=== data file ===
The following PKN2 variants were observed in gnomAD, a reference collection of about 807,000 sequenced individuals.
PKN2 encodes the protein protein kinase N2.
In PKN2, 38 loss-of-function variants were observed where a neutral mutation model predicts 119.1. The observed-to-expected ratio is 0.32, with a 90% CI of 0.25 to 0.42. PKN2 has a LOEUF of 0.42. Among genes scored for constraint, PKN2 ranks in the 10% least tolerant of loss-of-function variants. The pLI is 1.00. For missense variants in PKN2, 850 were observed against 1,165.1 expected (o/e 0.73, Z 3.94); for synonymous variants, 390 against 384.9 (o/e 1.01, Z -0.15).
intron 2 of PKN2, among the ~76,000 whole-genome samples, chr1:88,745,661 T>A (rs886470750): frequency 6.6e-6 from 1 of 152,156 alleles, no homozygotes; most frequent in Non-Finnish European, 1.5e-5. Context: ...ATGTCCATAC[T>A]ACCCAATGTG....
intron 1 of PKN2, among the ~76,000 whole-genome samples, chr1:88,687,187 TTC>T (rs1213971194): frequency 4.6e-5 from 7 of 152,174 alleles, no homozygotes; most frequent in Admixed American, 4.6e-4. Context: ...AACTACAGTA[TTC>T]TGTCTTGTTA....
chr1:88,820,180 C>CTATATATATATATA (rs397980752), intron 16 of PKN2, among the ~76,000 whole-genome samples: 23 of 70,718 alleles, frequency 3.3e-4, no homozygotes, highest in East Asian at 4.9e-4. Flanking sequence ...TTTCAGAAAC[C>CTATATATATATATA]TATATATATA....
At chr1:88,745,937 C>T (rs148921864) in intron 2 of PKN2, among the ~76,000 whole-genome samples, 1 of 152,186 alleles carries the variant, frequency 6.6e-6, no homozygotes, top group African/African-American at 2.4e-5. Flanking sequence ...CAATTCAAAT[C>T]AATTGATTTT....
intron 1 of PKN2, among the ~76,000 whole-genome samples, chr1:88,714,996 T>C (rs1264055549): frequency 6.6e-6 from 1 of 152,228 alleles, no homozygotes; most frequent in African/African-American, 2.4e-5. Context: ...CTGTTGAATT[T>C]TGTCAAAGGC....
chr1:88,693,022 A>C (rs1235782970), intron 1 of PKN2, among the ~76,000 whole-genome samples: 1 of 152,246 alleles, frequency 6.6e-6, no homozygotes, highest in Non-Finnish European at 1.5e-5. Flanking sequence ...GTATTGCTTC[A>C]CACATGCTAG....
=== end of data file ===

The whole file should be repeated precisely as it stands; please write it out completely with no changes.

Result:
The following PKN2 variants were observed in gnomAD, a reference collection of about 807,000 sequenced individuals.
PKN2 encodes the protein protein kinase N2.
In PKN2, 38 loss-of-function variants were observed where a neutral mutation model predicts 119.1. The observed-to-expected ratio is 0.32, with a 90% CI of 0.25 to 0.42. PKN2 has a LOEUF of 0.42. Among genes scored for constraint, PKN2 ranks in the 10% least tolerant of loss-of-function variants. The pLI is 1.00. For missense variants in PKN2, 850 were observed against 1,165.1 expected (o/e 0.73, Z 3.94); for synonymous variants, 390 against 384.9 (o/e 1.01, Z -0.15).
intron 2 of PKN2, among the ~76,000 whole-genome samples, chr1:88,745,661 T>A (rs886470750): frequency 6.6e-6 from 1 of 152,156 alleles, no homozygotes; most frequent in Non-Finnish European, 1.5e-5. Context: ...ATGTCCATAC[T>A]ACCCAATGTG....
intron 1 of PKN2, among the ~76,000 whole-genome samples, chr1:88,687,187 TTC>T (rs1213971194): frequency 4.6e-5 from 7 of 152,174 alleles, no homozygotes; most frequent in Admixed American, 4.6e-4. Context: ...AACTACAGTA[TTC>T]TGTCTTGTTA....
chr1:88,820,180 C>CTATATATATATATA (rs397980752), intron 16 of PKN2, among the ~76,000 whole-genome samples: 23 of 70,718 alleles, frequency 3.3e-4, no homozygotes, highest in East Asian at 4.9e-4. Flanking sequence ...TTTCAGAAAC[C>CTATATATATATATA]TATATATATA....
At chr1:88,745,937 C>T (rs148921864) in intron 2 of PKN2, among the ~76,000 whole-genome samples, 1 of 152,186 alleles carries the variant, frequency 6.6e-6, no homozygotes, top group African/African-American at 2.4e-5. Flanking sequence ...CAATTCAAAT[C>T]AATTGATTTT....
intron 1 of PKN2, among the ~76,000 whole-genome samples, chr1:88,714,996 T>C (rs1264055549): frequency 6.6e-6 from 1 of 152,228 alleles, no homozygotes; most frequent in African/African-American, 2.4e-5. Context: ...CTGTTGAATT[T>C]TGTCAAAGGC....
chr1:88,693,022 A>C (rs1235782970), intron 1 of PKN2, among the ~76,000 whole-genome samples: 1 of 152,246 alleles, frequency 6.6e-6, no homozygotes, highest in Non-Finnish European at 1.5e-5. Flanking sequence ...GTATTGCTTC[A>C]CACATGCTAG....